We now know that 24 hours without sleep, or a week of sleeping four or five hours a night induces an impairment equivalent to a blood alcohol level of .1 percent. We would never say, ‘This person is a great worker! He’s drunk all the time!’ yet we continue to celebrate people who sacrifice sleep for work.
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Faceted Planets - These are the Voyages -

It’s no secret that I am fascinated by astronomy and planetary science. I think of each of our planets as unique opportunities for exploration but also for art. You’ll likely find 2-3 poster series in my shop dedicated to our solar family. 

I was interested in developing a series of inforgraphics featuring our exploits across the solar system – specifically missions to the outer worlds – and marrying the data with a series of faceted/low-poly illustrations of each planet. I found over time that the over-simplification of these features created a series of gorgeous, jewel-like icons; each with their own unique coloration, personality, and depth.

Each infographic poster features a history of scientific exploration. Probes, satellites, space stations, etc. highlight the achievements of man in astronomic discovery. Each poster in this series also features the distance from the sun, rotational period in days/years and the number of confirmed, natural satellites.

Find more of our geek-inspired designs @ The Geekerie - Etsy  |  Facebook  |  Twitter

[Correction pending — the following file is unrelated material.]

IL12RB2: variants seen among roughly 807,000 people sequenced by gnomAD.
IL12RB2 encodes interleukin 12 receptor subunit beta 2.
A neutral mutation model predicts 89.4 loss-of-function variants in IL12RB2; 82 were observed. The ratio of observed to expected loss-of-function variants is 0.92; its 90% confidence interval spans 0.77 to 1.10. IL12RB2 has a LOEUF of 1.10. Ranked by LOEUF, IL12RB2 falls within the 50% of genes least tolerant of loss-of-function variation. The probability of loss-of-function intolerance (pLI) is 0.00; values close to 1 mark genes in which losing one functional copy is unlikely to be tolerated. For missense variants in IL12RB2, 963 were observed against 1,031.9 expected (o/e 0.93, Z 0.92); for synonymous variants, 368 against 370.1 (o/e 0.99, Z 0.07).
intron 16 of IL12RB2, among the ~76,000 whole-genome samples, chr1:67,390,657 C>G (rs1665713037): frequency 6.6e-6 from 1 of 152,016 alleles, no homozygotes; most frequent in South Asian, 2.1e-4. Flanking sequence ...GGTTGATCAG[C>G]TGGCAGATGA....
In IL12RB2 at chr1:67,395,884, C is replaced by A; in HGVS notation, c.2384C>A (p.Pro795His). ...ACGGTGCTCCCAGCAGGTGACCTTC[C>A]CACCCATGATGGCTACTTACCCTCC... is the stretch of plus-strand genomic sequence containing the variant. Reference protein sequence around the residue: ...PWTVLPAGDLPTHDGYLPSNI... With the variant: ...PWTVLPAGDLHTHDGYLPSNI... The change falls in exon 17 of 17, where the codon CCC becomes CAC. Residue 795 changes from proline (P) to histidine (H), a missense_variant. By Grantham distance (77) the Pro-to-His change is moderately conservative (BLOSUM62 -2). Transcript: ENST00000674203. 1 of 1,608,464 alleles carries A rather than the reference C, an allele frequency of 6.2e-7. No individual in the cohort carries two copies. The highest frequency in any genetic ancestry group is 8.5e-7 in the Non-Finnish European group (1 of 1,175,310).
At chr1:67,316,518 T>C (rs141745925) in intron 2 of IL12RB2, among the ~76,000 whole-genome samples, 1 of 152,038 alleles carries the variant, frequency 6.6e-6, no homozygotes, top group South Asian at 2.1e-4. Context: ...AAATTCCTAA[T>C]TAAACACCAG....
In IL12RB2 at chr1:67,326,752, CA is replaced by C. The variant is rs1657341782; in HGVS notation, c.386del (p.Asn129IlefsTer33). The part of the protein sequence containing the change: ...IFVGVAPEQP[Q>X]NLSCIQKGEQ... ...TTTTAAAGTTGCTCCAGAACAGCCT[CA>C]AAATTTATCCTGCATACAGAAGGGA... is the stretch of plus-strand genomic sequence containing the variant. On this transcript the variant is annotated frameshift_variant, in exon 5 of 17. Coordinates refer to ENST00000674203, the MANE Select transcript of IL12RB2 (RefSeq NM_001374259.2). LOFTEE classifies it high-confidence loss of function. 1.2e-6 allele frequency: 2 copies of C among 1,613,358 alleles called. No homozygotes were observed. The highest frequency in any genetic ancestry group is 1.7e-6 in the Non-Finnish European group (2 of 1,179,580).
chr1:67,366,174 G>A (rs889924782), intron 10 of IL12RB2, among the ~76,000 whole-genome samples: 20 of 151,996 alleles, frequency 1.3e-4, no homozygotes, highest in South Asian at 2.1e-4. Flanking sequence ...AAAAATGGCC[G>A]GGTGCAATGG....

If you’ve spent hours and hours looking at the original edition of illustrator David Macaulay’s The Way Things Work (like my kids have, and as I did when I was a kid), we have good news: A brand new edition was released in October 2016.

In The Way Things Work Now, touch screens, quadcopters, wi-fi, speech recognition, and 3D printers join zippers, windmills, rockets, parking meters, and more. Not only for aspiring young engineers or scientists… a classic primer for any curious kid (or adult).

Buy this book

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Measles has surged back in Europe, while whooping cough is has become a problem here in the U.S.

Childhood immunization rates plummeted in parts of Europe and the U.K. after a 1998 study falsely claimed that the vaccine for measles, mumps and rubella was linked to autism.

That study has since been found to be fraudulent. But fears about vaccine safety have stuck around in Europe and here in the U.S.

NPR maps the resurgence of preventable diseases due to public ignorance and lamentable misinformation about vaccines.

Pair with Bill Gates on vaccines, animated.

JEAN-atics

Jeans play an integral part of our life. Denim is a way of life indeed!

In this post, we shall explore some interesting attributes of the jean that you might not have known.


That tiny pocket

That tiny little pocket was intended to be a placeholder for pocket watches back in the days when watches were the only means to keep track of time.